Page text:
Starring Andrew Garfield, Emma Stone. Written by James Vanderbilt, Alvin Sargent, Steve Kloves. Directed by Marc Webb. PG. 137 min. Opens July 3.
Given the cheesy stench emitted by the earlier Superman and Batman franchises at their worst, you can’t begrudge the makers of recent superhero reboots for trying to restore some solemnity to their respective comic-book heroes. By contrast, the Spider-Man movies faced the opposite problem. Since the cycle had grown so self-important by the time of Sam Raimi’s third entry five years ago, giving Spidey the Christopher Nolan treatment might’ve stopped him dead.
Thankfully, director Marc Webb keeps things loose and limber with his reboot, which feels sufficiently fresh despite the fact that it spins much the same hero-origin story we got in Raimi’s first Spider-Man. The biggest reason for its vitality is its star. What with his scruffy demeanour, nervous energy, and half-decent stab at a Noo Yawk accent, Andrew Garfield isn’t so much playing Peter Parker as he’s channelling Peter Falk. And while the 28-year-old Garfield’s hardly plausible as a high schooler, he’s terrific at capturing both Parker’s nebbishy qualities and the less endearing aggressive side that emerges after that fateful spider bite.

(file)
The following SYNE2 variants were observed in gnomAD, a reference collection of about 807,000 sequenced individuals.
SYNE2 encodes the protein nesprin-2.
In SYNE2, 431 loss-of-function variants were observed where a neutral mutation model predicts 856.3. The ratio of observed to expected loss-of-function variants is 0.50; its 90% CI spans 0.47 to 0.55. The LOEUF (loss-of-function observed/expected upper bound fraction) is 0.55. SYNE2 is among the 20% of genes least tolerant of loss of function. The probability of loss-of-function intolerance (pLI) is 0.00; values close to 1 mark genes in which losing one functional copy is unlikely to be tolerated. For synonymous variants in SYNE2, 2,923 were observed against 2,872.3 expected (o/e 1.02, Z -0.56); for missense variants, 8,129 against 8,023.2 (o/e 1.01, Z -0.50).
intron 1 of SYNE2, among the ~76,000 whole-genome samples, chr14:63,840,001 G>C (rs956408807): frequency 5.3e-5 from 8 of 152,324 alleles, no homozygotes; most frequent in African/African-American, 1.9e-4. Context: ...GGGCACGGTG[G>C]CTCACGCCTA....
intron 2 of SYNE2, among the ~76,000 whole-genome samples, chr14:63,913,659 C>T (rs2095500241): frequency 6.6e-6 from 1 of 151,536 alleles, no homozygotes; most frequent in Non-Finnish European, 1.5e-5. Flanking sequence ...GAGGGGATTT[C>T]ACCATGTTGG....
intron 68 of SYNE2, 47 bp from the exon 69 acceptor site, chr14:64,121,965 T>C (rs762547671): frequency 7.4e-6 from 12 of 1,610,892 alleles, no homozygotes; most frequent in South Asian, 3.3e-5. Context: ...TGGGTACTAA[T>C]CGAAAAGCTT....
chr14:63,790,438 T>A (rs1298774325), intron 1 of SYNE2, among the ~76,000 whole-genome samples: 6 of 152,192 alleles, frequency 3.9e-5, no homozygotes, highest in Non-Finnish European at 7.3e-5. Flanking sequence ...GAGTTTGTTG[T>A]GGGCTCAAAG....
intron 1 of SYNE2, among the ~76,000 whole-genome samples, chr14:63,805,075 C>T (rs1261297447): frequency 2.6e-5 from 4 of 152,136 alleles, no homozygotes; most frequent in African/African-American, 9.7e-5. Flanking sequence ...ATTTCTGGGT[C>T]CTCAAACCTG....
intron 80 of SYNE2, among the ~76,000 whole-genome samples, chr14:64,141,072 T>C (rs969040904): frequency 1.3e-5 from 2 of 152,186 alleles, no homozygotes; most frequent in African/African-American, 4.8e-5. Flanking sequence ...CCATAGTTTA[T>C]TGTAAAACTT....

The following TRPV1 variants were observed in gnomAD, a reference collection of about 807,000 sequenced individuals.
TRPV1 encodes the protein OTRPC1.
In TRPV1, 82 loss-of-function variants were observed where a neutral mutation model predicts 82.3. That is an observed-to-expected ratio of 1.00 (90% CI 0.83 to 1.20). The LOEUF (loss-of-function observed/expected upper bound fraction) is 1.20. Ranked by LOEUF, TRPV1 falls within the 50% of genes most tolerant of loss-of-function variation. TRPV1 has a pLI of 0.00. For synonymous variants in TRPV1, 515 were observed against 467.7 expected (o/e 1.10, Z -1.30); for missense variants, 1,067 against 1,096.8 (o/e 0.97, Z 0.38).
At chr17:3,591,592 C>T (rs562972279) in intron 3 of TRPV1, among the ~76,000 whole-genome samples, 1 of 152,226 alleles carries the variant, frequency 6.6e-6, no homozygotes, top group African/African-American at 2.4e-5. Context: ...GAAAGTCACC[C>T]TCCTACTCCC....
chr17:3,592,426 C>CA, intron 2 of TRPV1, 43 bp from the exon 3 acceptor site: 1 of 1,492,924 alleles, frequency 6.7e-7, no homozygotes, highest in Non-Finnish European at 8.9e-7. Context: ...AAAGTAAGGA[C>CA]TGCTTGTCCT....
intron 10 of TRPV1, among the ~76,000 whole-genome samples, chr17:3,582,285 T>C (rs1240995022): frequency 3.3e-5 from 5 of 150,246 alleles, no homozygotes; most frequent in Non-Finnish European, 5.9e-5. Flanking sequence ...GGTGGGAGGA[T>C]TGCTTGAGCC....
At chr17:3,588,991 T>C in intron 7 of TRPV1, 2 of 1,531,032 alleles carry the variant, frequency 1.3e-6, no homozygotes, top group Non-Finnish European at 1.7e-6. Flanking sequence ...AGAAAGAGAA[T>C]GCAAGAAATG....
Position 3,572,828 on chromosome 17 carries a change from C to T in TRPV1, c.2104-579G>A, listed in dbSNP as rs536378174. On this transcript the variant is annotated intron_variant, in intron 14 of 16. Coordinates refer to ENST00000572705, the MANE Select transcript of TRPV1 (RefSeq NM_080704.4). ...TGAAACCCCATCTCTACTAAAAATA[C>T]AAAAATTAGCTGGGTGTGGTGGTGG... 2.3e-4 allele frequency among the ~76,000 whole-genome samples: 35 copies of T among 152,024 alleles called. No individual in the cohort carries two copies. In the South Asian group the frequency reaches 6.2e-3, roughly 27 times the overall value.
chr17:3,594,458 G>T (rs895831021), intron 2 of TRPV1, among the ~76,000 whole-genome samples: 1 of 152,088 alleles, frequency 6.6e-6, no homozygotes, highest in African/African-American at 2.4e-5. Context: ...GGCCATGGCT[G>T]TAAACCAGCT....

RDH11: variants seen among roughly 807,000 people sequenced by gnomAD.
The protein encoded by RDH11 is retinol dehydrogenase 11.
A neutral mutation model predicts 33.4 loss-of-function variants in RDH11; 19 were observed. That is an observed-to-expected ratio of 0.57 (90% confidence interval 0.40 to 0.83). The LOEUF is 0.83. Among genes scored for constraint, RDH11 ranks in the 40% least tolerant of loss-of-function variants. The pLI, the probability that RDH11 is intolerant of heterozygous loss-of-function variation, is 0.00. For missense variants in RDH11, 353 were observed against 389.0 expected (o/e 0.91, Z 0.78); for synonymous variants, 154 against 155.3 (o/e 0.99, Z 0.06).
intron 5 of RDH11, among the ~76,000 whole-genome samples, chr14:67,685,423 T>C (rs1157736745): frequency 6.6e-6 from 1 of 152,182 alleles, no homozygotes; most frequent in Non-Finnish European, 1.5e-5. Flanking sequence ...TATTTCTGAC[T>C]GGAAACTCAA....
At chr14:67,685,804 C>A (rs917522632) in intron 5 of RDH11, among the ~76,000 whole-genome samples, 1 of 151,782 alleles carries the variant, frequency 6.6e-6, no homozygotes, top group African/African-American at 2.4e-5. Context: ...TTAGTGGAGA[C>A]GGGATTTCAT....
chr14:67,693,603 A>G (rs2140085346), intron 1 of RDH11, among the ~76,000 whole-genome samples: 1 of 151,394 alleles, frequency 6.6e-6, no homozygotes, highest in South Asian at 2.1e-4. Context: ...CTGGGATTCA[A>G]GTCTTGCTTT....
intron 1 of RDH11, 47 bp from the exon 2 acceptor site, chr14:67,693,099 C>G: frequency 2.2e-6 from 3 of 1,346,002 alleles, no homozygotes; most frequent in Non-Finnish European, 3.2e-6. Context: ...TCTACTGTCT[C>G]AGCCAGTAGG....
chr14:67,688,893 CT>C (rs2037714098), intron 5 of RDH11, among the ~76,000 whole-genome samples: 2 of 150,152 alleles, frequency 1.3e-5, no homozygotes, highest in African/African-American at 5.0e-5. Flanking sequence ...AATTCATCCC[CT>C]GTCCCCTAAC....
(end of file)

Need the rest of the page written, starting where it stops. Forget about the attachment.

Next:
It also helps that Garfield has plenty of chemistry with real-life squeeze Emma Stone, who plays Peter’s classmate and first love Gwen Stacy. It’s a shame, however, that matters of the heart are sidelined here by the less engaging events that will turn Dr. Curt Connors (Rhys Ifans), the former business partner of Peter’s late scientist father, into The Lizard, Spider-Man’s scaliest nemesis. Though their battles do not yield much more than the usual CG-enhanced trashing of midtown Manhattan, the movie’s action scenes still have some zip thanks to the smart use of parkour choreography, several nifty Spidey-POV shots and one brilliant sight gag involving the requisite Stan Lee cameo. If only every reboot was so spry.